What is CRI R9 and Why is it Important

CRI R9 is one of the test color samples used in the calculation of extended CRI. Many manufacturers will only report general CRI, however, which does not include the CRI R9 score. CRI R9 is therefore oftentimes a useful supplemental score to judge a light source's color rendering ability, specifically as it concerns objects whose reflectance spectra contain red wavelengths.

A closer look at how R9 is calculated, along with its corresponding test color sample is a common recommendation for anyone who needs to know about a light source's color quality.

What is CRI R9?

R9 is the score that represents how accurately a light source will reproduce strong red colors.

"Accurate" is defined as similarity to daylight or incandescent bulbs, depending on the color temperature.

What is a good CRI R9 value?

Although the maximum possible value of R9 is also 100, unlike average CRI numbers, R9 should be judged a bit differently.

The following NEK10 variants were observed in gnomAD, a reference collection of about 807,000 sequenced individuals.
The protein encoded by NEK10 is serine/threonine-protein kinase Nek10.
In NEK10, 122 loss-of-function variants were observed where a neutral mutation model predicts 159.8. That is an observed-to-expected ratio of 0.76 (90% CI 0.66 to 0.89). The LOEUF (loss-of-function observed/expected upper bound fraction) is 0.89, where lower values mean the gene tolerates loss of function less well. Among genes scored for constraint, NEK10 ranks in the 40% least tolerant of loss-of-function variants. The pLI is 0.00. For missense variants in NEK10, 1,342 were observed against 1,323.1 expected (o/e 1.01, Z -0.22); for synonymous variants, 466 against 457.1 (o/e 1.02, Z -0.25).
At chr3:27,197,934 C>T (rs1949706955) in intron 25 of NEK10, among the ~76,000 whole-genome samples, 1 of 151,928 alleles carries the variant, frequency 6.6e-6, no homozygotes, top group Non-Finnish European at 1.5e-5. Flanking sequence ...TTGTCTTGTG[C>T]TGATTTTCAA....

Mathematically, R9 is far more difficult to achieve a high score compared to the other R values that comprise the CRI calculations, and is far more sensitive to spectral variations. Therefore, an R9 score of 50 or above would be considered "good" while an R9 score of 90 or above would be considered "excellent."

You will therefore find that most lighting products available in the market will rarely specify the R9 value, and when they do, rarely will they guarantee anything higher than 50. 

This is due to the fact that CRI utilizes the CIE 1960 uv color space, which is skewed in a way that exaggerates color differences in the red region of the chromaticity diagram. Since CRI is a calculation that quantifies color differences between a light source and a reference source, a larger calculated color difference will result in a larger decrease in the R score.

Why is red such an important color?

Red is a crucial color for many applications including photography, textiles and reproduction of human skin tones.

Many objects that do not appear red actually are a combination of colors, including red. Skin tones, for example, are very much influenced by the redness of the blood that flows right beneath our skin.

Therefore, a light that lacks red will make a person look pale, or even green. This can be problematic for medical applications where color appearance is critical for accurate diagnoses. In other applications such as photography, aesthetic appearance is crucial and many times cannot be corrected for even in post production and digital editing.

When searching for a high color quality LED, be sure to inquire about the CRI as well as its R9 value.


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